Last weekend I was pulling some waterhemp weeds in one of my bean fields when I noticed a few dead bean leaves in the canopy. Investigating further, here was one dead bean plant with white fuzz on the stem near the ground. There was no question this bean plant was killed by a disease we call White Mold. Talking with agronomists and a lot of farmers they are all seeing a lot of white mold this year.

We have had a lot of cool wet weather this summer and many mornings with a very heavy dew. That is ideal conditions for white mold to develop. The infection in this bean plant actually occurred back when it was flowering. White mold overwinters in small black sclerotia that look like mouse droppings. Spores from the sclerotia infect the bean flower. The bean plant will continue to develop normally. However, under the right weather conditions, later in the season the pathogen can kill the plant as you can see in the picture.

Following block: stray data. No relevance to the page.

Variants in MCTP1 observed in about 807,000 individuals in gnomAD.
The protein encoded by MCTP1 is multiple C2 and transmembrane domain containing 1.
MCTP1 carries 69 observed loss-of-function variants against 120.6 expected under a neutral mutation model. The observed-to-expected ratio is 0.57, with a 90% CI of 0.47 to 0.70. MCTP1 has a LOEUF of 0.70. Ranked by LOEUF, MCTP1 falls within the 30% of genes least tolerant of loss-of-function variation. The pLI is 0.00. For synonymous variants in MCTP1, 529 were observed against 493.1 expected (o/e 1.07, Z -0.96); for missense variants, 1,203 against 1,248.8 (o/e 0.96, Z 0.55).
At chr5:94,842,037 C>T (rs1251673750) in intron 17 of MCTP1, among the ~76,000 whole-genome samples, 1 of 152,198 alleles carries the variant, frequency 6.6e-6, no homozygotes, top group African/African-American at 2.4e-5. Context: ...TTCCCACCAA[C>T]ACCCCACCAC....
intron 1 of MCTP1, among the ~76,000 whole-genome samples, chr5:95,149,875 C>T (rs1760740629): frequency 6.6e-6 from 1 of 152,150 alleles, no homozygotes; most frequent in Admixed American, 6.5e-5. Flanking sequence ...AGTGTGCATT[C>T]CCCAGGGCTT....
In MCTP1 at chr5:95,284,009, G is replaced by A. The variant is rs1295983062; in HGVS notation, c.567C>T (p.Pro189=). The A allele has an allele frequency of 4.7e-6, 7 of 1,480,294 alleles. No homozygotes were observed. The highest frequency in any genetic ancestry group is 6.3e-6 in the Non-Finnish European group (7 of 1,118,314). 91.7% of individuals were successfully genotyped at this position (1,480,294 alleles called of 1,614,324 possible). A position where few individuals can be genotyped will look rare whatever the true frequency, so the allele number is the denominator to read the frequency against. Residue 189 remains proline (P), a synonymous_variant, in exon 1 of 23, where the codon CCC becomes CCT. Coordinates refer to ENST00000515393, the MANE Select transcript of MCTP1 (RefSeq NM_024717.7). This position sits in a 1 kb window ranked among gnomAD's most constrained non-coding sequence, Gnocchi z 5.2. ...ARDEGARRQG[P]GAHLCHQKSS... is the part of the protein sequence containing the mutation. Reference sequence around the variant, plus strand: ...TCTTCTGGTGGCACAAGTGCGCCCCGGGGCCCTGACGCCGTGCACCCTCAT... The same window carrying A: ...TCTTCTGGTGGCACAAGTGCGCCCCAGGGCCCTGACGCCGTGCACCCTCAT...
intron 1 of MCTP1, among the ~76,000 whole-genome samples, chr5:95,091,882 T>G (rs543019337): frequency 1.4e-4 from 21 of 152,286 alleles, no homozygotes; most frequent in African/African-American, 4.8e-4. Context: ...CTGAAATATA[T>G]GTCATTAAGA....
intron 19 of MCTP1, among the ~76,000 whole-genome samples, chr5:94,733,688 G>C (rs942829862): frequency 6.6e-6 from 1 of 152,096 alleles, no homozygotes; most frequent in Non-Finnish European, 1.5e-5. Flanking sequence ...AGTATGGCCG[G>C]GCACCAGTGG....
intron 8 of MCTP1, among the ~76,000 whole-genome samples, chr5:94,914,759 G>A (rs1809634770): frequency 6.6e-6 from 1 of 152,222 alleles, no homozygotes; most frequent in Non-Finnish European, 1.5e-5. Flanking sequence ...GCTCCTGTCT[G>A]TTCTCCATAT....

There is nothing you can do about white mold at this point in the growing season. While mold is a disease that we might see every few years. We do have some tools to manage it's impact. Some soybean varieties have very good tolerance to white mold while others are very susceptible. So, variety selection is important. Another management tool is to plant beans in wider rows so air can get down in the canopy and dry it off. White Mold is a fungus so it likes moisture.

Back in the 1980's there was a big shift to drilling beans in narrow rows. That worked fine until there was a year like this year and many fields were devastated by White Mold. Today most farmers plant their beans in 20 or 30 inch rows to lesson the impact of White Mold. So far I felt very fortunate because I had a scattered plant that was killed by white mold. In some fields I have seen big patches that were killed by White Mold.

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